Syria's opposing sides have submitted documents to the United Nations outlining broad principles for a political solution to the country's five-year civil war, the UN envoy said Tuesday.
As peace talks aimed at ending the conflict wrapped up their second day in Geneva, UN mediator Staffan de Mistura told reporters he would try to "analyse" the positions offered by the regime and opposition in a bid to find any possible common ground.
De Mistura made the comment after meeting with the opposition High Negotiations Committee (HNC).
"We... exchanged some papers but also ideas on how to get deeper at the next meeting on the issue of transitional processes," de Mistura said.
The UN envoy has described political transition in Syria as "the mother of all issues" facing the talks.
He gave no details concerning the documents submitted by representatives of Syrian President Bashar al-Assad, whom de Mistura met with on Monday.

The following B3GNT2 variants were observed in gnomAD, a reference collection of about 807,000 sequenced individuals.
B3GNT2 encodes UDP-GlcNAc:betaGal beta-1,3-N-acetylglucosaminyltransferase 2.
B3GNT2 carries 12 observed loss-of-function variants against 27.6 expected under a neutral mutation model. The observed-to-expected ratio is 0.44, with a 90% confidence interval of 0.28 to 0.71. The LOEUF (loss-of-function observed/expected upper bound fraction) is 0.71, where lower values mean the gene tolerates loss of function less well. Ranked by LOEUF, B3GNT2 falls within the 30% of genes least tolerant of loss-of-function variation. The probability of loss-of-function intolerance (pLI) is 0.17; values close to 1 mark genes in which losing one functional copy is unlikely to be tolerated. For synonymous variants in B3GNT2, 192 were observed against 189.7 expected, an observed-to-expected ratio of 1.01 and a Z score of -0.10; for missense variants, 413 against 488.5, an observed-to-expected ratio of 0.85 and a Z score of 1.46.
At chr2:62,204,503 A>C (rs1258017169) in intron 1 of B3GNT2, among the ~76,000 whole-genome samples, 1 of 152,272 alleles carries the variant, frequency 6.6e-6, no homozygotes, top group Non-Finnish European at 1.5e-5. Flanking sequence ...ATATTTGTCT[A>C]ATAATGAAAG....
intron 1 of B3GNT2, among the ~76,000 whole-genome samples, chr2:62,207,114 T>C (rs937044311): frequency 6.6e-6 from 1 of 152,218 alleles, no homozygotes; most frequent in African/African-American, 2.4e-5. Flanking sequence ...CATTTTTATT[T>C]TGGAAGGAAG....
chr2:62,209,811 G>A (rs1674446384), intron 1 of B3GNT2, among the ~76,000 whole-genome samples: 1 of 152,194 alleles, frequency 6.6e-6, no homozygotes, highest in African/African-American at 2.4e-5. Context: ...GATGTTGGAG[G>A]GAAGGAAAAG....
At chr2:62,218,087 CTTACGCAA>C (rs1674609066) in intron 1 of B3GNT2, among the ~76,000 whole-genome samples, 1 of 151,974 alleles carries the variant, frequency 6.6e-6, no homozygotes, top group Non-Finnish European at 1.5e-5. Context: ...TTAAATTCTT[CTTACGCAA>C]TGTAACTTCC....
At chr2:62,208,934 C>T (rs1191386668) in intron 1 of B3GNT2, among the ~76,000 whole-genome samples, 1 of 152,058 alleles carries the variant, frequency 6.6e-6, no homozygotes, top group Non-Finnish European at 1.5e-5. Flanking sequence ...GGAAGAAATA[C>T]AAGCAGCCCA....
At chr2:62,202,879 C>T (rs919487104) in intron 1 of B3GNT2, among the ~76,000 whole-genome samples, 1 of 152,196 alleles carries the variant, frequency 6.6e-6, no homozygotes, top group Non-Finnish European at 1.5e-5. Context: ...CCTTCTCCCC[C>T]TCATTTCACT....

But, the regime's lead negotiator, Bashar al-Jaafari, has previously confirmed that Damascus has outlined its general ideas for a political solution to the war, which has killed more than 270,000 people and displaced millions.
In its meeting with de Mistura, the HNC also called for urgent action to address the plight of those allegedly detained by the regime.
HNC spokeswoman Basma Kodmani said the issue of detainees "is not up to negotiation," calling for Damascus to immediately release anyone illegally held.
De Mistura acknowledged that a humanitarian taskforce which has been working to distribute aid since a February 27 ceasefire came into affect had so far made no progress on the issue of detainees.
"On the detainees aspect we have been having extremely, impossibly nothing in terms of outcomes," he said, pledging to push for further action in the coming days.
The talks are set to continue on Wednesday, with de Mistura holding his second meeting with the government side.
He has said regime ally-Russia's partial withdrawal of troops from Syria could be a "positive" development for the talks, with some observers suggesting it could pressure Damascus to negotiate an end to the fighting.